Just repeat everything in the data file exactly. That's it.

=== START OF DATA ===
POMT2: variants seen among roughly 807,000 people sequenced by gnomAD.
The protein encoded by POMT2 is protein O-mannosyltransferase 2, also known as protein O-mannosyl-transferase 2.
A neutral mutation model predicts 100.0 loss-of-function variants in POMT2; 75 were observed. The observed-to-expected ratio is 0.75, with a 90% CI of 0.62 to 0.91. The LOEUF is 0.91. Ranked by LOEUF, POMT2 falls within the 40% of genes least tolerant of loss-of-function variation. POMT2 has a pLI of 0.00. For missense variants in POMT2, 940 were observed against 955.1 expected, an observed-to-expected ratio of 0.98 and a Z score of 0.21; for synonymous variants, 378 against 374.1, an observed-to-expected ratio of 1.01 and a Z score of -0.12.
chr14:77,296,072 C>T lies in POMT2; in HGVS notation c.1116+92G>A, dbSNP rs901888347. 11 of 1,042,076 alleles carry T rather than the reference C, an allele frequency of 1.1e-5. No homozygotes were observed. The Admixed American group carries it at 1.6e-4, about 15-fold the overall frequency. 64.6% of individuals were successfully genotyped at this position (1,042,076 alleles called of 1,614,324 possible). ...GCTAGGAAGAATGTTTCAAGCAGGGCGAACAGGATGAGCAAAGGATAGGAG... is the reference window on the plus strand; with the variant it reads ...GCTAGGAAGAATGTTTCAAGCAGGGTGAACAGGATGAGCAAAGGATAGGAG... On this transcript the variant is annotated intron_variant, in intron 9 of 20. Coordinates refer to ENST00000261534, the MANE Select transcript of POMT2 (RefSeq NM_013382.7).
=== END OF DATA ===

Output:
POMT2: variants seen among roughly 807,000 people sequenced by gnomAD.
The protein encoded by POMT2 is protein O-mannosyltransferase 2, also known as protein O-mannosyl-transferase 2.
A neutral mutation model predicts 100.0 loss-of-function variants in POMT2; 75 were observed. The observed-to-expected ratio is 0.75, with a 90% CI of 0.62 to 0.91. The LOEUF is 0.91. Ranked by LOEUF, POMT2 falls within the 40% of genes least tolerant of loss-of-function variation. POMT2 has a pLI of 0.00. For missense variants in POMT2, 940 were observed against 955.1 expected, an observed-to-expected ratio of 0.98 and a Z score of 0.21; for synonymous variants, 378 against 374.1, an observed-to-expected ratio of 1.01 and a Z score of -0.12.
chr14:77,296,072 C>T lies in POMT2; in HGVS notation c.1116+92G>A, dbSNP rs901888347. 11 of 1,042,076 alleles carry T rather than the reference C, an allele frequency of 1.1e-5. No homozygotes were observed. The Admixed American group carries it at 1.6e-4, about 15-fold the overall frequency. 64.6% of individuals were successfully genotyped at this position (1,042,076 alleles called of 1,614,324 possible). ...GCTAGGAAGAATGTTTCAAGCAGGGCGAACAGGATGAGCAAAGGATAGGAG... is the reference window on the plus strand; with the variant it reads ...GCTAGGAAGAATGTTTCAAGCAGGGTGAACAGGATGAGCAAAGGATAGGAG... On this transcript the variant is annotated intron_variant, in intron 9 of 20. Coordinates refer to ENST00000261534, the MANE Select transcript of POMT2 (RefSeq NM_013382.7).